We won the first leg 3-2 and lost the second by the same scoreline. To be one of the nominated penalty takers – aged 19 – in such a high pressure game was something else. Sven-Goran Eriksson was manager for Sampdoria and they had a hell of a team; Lombardo, Mancini and the rest ... But I did my bit and we got to the final. What a shame we lost to THAT Nayim goal.


I had a very decent career at Arsenal even though I was only there for two years. Basically I had to handle a lot very quickly and was at a fantastic, supportive club to do it. You are spiralled into the spotlight, a teenager, playing with Dennis Bergkamp, Ian Wright, David Seaman, Tony Adams.

"Funnily enough, one of my greatest memories was scoring the winner for Arsenal at Upton Park in a 1-0 win"

John Hartson

Also, in that time, I worked under three managers: George Graham, Bruce Rioch and Arsène Wenger.

I had three years’ left on my contract when I left. I was young and headstrong. Arsène was desperate to keep me, he really tried to persuade me that I would play and he felt I would improve learning from Bergkamp and Wrighty. At the time, let’s not forget, I was getting time up front alongside Wright, with Bergkamp playing behind us. It was something else working with these guys every day.

Of course, I left and the following year Arsenal won the ‘double’ with the likes of Marc Overmars, Emmanuel Petit and Patrick Vieira in the team.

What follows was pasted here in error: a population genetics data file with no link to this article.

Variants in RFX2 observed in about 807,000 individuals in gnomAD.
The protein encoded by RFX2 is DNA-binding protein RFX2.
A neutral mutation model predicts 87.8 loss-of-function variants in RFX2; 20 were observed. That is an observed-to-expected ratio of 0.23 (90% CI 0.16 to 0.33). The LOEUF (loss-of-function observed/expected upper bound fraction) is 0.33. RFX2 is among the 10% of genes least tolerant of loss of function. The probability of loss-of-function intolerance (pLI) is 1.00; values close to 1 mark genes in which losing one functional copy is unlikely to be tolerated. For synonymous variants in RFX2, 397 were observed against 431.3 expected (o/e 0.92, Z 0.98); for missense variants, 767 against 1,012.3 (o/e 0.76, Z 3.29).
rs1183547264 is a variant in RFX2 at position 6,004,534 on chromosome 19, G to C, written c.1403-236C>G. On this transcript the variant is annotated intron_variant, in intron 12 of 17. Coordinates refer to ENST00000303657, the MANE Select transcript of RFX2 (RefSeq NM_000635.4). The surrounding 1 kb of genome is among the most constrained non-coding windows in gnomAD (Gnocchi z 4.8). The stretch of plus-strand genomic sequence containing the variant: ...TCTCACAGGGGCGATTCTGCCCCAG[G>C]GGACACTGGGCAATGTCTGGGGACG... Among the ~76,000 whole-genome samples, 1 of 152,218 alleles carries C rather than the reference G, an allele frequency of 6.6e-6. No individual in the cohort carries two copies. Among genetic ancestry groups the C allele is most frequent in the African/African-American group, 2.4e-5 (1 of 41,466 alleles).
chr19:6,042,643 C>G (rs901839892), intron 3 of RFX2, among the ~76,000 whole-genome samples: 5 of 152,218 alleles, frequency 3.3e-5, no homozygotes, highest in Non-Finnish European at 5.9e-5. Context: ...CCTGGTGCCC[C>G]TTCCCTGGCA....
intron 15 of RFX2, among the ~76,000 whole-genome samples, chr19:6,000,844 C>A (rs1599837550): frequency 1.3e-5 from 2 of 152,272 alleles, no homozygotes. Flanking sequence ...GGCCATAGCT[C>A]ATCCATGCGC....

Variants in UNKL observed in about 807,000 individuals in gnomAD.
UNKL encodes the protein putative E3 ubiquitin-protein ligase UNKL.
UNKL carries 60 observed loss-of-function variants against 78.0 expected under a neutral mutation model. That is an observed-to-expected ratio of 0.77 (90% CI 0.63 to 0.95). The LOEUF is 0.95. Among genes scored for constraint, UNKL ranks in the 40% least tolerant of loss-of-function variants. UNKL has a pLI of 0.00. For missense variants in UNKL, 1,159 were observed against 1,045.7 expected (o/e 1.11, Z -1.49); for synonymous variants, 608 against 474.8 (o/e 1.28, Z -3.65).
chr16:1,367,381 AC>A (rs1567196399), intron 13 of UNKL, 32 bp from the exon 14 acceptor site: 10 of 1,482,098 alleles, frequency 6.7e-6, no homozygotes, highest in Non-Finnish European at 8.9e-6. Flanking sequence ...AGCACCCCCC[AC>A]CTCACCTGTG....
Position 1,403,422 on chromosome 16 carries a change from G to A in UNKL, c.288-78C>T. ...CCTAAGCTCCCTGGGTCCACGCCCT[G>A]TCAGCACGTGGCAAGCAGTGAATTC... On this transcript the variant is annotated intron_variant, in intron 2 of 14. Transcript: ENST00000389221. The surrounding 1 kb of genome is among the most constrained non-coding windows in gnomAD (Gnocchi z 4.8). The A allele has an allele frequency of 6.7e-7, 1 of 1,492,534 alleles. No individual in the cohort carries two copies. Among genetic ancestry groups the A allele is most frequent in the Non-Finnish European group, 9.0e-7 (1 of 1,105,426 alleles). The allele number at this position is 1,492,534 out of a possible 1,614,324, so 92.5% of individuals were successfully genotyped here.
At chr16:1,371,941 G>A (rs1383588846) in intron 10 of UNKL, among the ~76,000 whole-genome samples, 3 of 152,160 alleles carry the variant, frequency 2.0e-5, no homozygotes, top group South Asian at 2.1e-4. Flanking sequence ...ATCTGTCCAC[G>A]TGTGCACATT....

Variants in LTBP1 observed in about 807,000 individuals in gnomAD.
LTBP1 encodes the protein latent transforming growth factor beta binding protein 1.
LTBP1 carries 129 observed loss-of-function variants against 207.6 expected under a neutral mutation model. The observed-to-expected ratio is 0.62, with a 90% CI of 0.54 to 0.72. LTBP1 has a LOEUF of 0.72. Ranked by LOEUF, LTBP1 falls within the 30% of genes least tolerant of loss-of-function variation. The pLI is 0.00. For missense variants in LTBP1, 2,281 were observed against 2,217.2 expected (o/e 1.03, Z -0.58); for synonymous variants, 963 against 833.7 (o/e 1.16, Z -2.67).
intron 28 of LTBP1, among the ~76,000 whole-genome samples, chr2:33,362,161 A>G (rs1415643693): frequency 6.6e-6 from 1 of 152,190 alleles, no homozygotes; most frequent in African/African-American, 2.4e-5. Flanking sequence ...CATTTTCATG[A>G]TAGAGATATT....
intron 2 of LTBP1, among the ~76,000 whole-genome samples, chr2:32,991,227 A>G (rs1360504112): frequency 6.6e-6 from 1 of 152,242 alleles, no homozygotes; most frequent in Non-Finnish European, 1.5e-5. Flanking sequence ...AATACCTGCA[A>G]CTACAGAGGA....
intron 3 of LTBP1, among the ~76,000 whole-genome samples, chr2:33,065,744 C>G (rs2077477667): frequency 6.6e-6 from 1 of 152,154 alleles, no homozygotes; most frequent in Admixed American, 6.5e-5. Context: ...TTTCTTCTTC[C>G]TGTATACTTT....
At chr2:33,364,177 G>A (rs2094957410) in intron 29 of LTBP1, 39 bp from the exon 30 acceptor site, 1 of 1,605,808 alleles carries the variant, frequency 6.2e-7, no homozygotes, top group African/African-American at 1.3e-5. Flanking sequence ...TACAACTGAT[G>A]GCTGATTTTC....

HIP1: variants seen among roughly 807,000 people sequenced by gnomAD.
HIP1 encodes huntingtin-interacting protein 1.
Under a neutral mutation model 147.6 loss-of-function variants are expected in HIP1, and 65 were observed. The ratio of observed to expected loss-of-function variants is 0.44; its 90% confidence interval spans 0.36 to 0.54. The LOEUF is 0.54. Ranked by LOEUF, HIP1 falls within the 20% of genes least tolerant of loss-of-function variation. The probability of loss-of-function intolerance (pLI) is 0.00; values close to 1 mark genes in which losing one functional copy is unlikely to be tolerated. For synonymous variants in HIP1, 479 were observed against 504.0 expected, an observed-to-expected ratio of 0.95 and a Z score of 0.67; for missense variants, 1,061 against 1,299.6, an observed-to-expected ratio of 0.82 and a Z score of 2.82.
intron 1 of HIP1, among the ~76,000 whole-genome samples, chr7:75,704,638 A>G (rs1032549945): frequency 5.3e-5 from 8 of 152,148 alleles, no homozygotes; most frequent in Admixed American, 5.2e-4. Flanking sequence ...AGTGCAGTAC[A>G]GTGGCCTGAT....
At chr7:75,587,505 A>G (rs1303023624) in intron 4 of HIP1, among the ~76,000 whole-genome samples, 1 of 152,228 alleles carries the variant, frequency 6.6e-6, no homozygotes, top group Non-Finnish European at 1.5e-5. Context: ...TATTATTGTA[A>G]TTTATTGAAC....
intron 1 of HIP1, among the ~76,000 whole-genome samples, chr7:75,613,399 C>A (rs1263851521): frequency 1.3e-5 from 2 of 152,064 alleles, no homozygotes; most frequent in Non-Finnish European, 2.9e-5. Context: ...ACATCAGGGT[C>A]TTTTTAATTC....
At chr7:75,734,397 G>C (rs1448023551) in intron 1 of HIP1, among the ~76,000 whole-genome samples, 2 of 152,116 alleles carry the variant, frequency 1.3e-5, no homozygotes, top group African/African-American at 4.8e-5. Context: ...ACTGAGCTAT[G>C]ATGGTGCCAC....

Why did I go to West Ham? Harry Redknapp was very persuasive. He’d be on to me all the time, saying how he was going to build the team around me and how he’d give me the No. 10 shirt – a great honour. Harry’s very good at making players feel special. It wasn’t money – I just wanted to play all the time. I think I went from £4,000 a week to £7,000 a week but, as I say, money was not the motivating factor. I left a great club but I also went to one in West Ham.

Funnily enough, one of my greatest memories was scoring the winner for Arsenal at Upton Park in a 1-0 win – I think it was on Boxing Day. Then I was off to play there. This may sound disrespectful but I never played in the greatest Arsenal team – but I was close. I didn’t win anything at Arsenal but if I had hung around I could have. I could have been a part of the revolution under Arsène Wenger, winning trophies and playing with those wonderful players.

Do I regret it? Tough one. Regret is a strong word. Sometimes I do wish that I had stayed at the Arsenal, but as I say, I was headstrong. Anyway, I went on to Celtic a few years later and had a fantastic time there – I still can’t walk through Glasgow without being stopped all the time for a picture or an autograph. People can be so lovely.

The reality is my time at Highbury was amazing – I really do love Arsenal Football Club. Everybody has had a pop at Arsenal in recent years but with a couple of FA Cup wins and an improving squad they are on the up – and I am truly delighted. The feel good factor is coming back.

When I go back to the club there are still so many old faces there, like the lovely girls in the office who still go out of their way to say hello and chat – it is that kind of club.
I am delighted to have just agreed a new two-year deal with the BBC so no doubt I will be coming to the Emirates a few times in the coming season. I’m looking forward to it.

John Hartson

John Hartson